Rethinking Weight

Have you ever wondered how much you should weigh?  Of course you have.  We all have.  Now, let’s reword that question.  Have you ever wondered what an appropriate weight is for you, right now, at this point in your life?

Can you see the nuance between the two questions?

The first question includes the word “should.”  This version of the question implies that there is a weight expectation that you are obligated to meet.  Whereas the second question provides more structure, and considers you as a unique individual.  While subtle, the difference is important.  As an eating disorder dietitian, I spend an inordinate amount of time discussing weight.  Not only with my patients, but with their families and loved ones.  These conversations do not stop at work – they continue outside the office with my friends and family when they have questions concerning their health & weight.  With the obvious inundation from social media and diet culture, these conversations also take place with complete strangers seeking validation on the latest greatest diet trends.  While most are well-meaning, all weight based discussions have one thing in common, the notion that weight equals health.  This dialogue is not about these conversations being a burden to me, because I love my work and I genuinely love helping people; the intent of this blog is to bring to light the preoccupation with weight – how weight actually equates to health, and how weight often holds people captive.

When working with patients, one of my primary treatment goals is weight neutrality.  This is the idea that weight is simply information.  It holds no bearing on your worth or value as a person, nor does it determine your health.  It is only one factor, in a lengthy list that contributes to an individual’s overall health.  What we need to understand about weight is that while we can see it on our bodies, measure it on a scale, and alter it with diet & exercise, in doing so, it doesn’t necessarily mean we have improved our health.  Since weight can be manipulated more easily compared to other lifestyle changes, it is by far the most targeted factor in the medical community.  As a registered dietitian, I am required to use the same tools that health care professionals use to measure, evaluate, and categorize my patients.  By utilizing standardized charts, measurements, and calculations, it’s really just a way to satisfy a checkbox on paper.  I am not saying we should disregard weight entirely, but rather rethink the way we use it – the importance we place on it and the value it holds over us.  When it comes down to it, there are things much more important than your BMI category that determine your health.

There are three concepts used in treatment that I want to introduce to you: goal weight range, target weight, and a biologically appropriate natural weight.

  • Goal weight range is an estimate as to where your body needs to be for optimal functioning. This is the idea that our bodies have genetically predisposition weight ranges that it will work very hard to sustain, essentially maintaining an individual’s metabolic homeostasis.  This natural weight range is attributed to our individual genetics and can help with ED recovery because it supports why we need to work with our bodies, not against them.
  • Target weight will fall somewhere within that goal weight range and will be where your body hangs out when you are taking care of yourself. Both of these measures can and should change with recovery, growth, age, and time.  Weight is not static.  Through time, our bodies have different needs, and therefore an individual’s weight range will change.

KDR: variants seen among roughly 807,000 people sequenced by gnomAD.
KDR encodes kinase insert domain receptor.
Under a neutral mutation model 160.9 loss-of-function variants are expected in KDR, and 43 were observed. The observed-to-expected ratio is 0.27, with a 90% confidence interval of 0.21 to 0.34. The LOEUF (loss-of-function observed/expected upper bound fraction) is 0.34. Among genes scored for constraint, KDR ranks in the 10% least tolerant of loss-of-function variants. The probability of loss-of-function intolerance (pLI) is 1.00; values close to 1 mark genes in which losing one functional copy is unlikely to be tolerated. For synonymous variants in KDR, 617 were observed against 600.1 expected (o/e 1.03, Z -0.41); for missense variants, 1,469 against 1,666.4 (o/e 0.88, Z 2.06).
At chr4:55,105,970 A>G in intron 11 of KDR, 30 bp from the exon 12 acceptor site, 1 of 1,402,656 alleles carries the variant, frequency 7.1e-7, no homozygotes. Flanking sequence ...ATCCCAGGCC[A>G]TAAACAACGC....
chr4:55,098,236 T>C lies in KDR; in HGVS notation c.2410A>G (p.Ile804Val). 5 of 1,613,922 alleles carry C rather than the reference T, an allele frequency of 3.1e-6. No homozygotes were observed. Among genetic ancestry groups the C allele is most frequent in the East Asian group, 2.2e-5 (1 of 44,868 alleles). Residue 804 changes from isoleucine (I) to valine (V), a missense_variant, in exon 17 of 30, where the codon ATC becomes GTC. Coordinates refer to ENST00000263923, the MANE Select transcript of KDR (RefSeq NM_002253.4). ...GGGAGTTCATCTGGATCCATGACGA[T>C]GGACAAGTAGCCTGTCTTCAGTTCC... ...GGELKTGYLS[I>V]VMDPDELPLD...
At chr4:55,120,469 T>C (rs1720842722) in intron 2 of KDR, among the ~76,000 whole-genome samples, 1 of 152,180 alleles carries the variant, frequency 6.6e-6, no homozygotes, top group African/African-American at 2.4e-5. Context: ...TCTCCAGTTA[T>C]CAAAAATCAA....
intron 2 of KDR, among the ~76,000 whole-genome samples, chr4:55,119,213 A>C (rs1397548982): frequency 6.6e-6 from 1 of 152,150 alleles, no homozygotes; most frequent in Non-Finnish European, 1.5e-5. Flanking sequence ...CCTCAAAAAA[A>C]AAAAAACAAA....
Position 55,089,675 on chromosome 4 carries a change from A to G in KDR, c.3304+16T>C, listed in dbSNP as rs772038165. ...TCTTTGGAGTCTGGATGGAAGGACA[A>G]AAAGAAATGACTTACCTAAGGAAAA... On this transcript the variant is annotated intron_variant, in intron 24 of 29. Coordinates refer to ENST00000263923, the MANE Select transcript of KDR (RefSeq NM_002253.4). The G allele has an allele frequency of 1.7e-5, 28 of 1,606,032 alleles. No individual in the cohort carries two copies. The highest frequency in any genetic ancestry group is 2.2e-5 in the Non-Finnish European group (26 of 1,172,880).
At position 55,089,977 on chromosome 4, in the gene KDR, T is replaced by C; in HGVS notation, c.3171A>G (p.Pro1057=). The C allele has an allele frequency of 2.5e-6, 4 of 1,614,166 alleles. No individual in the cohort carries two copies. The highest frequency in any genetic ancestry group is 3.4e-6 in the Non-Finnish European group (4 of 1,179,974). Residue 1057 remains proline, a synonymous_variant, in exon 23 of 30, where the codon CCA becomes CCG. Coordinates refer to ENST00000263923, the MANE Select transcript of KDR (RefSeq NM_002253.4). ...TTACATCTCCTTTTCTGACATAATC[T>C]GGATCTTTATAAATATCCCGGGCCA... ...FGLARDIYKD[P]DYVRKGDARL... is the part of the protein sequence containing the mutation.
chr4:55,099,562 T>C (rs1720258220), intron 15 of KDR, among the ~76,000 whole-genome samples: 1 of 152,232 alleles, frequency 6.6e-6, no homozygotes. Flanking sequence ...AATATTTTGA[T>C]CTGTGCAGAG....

• The last idea is a term you might not be familiar with, biologically appropriate weight. This is a weight where your body, mind, emotions (all the things) are at their best.  In this space we don’t fight our hunger, we honor it.  We recognize that our body is literally designed to let us know when we need food and because of this, weight is stable.  We don’t feel exhausted, irritable, or have mood swings because of food deprivation.  We are not constantly thinking about food, what we should eat and what we should not eat.  We don’t lie about food.  We don’t omit how we eat or what we eat to ourselves or others, nor do we feel guilt when we eat what we want.  Food is not a barrier in seeing our friends & family, going out to restaurants, having fun, or enjoying life.

When we find our biologically appropriate weight, we thrive and no longer require external validation from others.  When we are at our best, we trust our bodies and listen to what we need.  We are at peace with food.  We understand that weight is a part of us, but certainly does not define us.

About Denise Skinner, MS, RD, LD, Registered Dietitian

Denise is a registered and licensed dietitian.  She graduated from Kansas State University with a Bachelor of Science degree in Dietetics and received a Masters of Science in Dietetics and Nutrition from the University of Kansas Medical Center.  Denise joined the McCallum team in 2020 and works with patients in the Partial Hospitalization and Intensive Outpatient Programs.  Prior coming to McCallum, she worked in pediatrics, coaching & educating families on building healthy relationships with both food and movement.  Denise believes that health exists at every size and loves to challenge the social construct that weight is the primary indicator of an individual’s health, success, and value.  She is a member of the Academy of Nutrition and Dietetics and an affiliate of the Kansas Dietetic Association.

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